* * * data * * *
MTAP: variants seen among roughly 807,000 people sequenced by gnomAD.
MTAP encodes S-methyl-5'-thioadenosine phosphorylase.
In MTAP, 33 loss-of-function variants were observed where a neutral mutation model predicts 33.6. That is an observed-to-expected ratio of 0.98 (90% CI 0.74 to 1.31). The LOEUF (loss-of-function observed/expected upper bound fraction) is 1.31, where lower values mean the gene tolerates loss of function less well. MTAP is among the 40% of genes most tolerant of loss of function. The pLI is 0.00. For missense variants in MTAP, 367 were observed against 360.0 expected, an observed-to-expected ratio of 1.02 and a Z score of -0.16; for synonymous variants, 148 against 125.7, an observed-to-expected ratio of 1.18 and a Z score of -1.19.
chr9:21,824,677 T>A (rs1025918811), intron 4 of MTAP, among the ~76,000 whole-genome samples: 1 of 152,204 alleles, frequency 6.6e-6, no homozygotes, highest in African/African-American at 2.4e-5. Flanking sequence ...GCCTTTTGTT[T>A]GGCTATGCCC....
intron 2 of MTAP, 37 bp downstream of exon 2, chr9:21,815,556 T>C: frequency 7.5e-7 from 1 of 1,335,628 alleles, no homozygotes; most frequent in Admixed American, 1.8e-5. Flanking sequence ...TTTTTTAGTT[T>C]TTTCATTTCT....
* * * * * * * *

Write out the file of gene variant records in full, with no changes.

MTAP: variants seen among roughly 807,000 people sequenced by gnomAD.
MTAP encodes S-methyl-5'-thioadenosine phosphorylase.
In MTAP, 33 loss-of-function variants were observed where a neutral mutation model predicts 33.6. That is an observed-to-expected ratio of 0.98 (90% CI 0.74 to 1.31). The LOEUF (loss-of-function observed/expected upper bound fraction) is 1.31, where lower values mean the gene tolerates loss of function less well. MTAP is among the 40% of genes most tolerant of loss of function. The pLI is 0.00. For missense variants in MTAP, 367 were observed against 360.0 expected, an observed-to-expected ratio of 1.02 and a Z score of -0.16; for synonymous variants, 148 against 125.7, an observed-to-expected ratio of 1.18 and a Z score of -1.19.
chr9:21,824,677 T>A (rs1025918811), intron 4 of MTAP, among the ~76,000 whole-genome samples: 1 of 152,204 alleles, frequency 6.6e-6, no homozygotes, highest in African/African-American at 2.4e-5. Flanking sequence ...GCCTTTTGTT[T>A]GGCTATGCCC....
intron 2 of MTAP, 37 bp downstream of exon 2, chr9:21,815,556 T>C: frequency 7.5e-7 from 1 of 1,335,628 alleles, no homozygotes; most frequent in Admixed American, 1.8e-5. Flanking sequence ...TTTTTTAGTT[T>C]TTTCATTTCT....